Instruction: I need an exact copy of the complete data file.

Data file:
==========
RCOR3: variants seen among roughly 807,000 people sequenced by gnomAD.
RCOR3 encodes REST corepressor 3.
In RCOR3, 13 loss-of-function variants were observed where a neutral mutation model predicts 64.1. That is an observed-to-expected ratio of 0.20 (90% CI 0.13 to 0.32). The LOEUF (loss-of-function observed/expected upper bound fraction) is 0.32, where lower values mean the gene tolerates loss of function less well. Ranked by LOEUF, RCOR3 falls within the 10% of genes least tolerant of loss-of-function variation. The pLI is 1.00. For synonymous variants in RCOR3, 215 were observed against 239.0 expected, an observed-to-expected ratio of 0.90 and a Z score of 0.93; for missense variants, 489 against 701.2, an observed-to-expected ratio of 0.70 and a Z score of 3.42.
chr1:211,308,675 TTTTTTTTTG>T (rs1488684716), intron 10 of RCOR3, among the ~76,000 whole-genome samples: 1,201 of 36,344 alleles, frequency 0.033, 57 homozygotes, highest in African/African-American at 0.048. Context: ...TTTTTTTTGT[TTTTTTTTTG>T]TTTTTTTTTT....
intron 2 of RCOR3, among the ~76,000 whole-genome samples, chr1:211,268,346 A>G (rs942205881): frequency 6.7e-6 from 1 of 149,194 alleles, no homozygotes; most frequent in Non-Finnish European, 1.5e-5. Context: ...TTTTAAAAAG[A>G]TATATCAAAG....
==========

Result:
RCOR3: variants seen among roughly 807,000 people sequenced by gnomAD.
RCOR3 encodes REST corepressor 3.
In RCOR3, 13 loss-of-function variants were observed where a neutral mutation model predicts 64.1. That is an observed-to-expected ratio of 0.20 (90% CI 0.13 to 0.32). The LOEUF (loss-of-function observed/expected upper bound fraction) is 0.32, where lower values mean the gene tolerates loss of function less well. Ranked by LOEUF, RCOR3 falls within the 10% of genes least tolerant of loss-of-function variation. The pLI is 1.00. For synonymous variants in RCOR3, 215 were observed against 239.0 expected, an observed-to-expected ratio of 0.90 and a Z score of 0.93; for missense variants, 489 against 701.2, an observed-to-expected ratio of 0.70 and a Z score of 3.42.
chr1:211,308,675 TTTTTTTTTG>T (rs1488684716), intron 10 of RCOR3, among the ~76,000 whole-genome samples: 1,201 of 36,344 alleles, frequency 0.033, 57 homozygotes, highest in African/African-American at 0.048. Context: ...TTTTTTTTGT[TTTTTTTTTG>T]TTTTTTTTTT....
intron 2 of RCOR3, among the ~76,000 whole-genome samples, chr1:211,268,346 A>G (rs942205881): frequency 6.7e-6 from 1 of 149,194 alleles, no homozygotes; most frequent in Non-Finnish European, 1.5e-5. Context: ...TTTTAAAAAG[A>G]TATATCAAAG....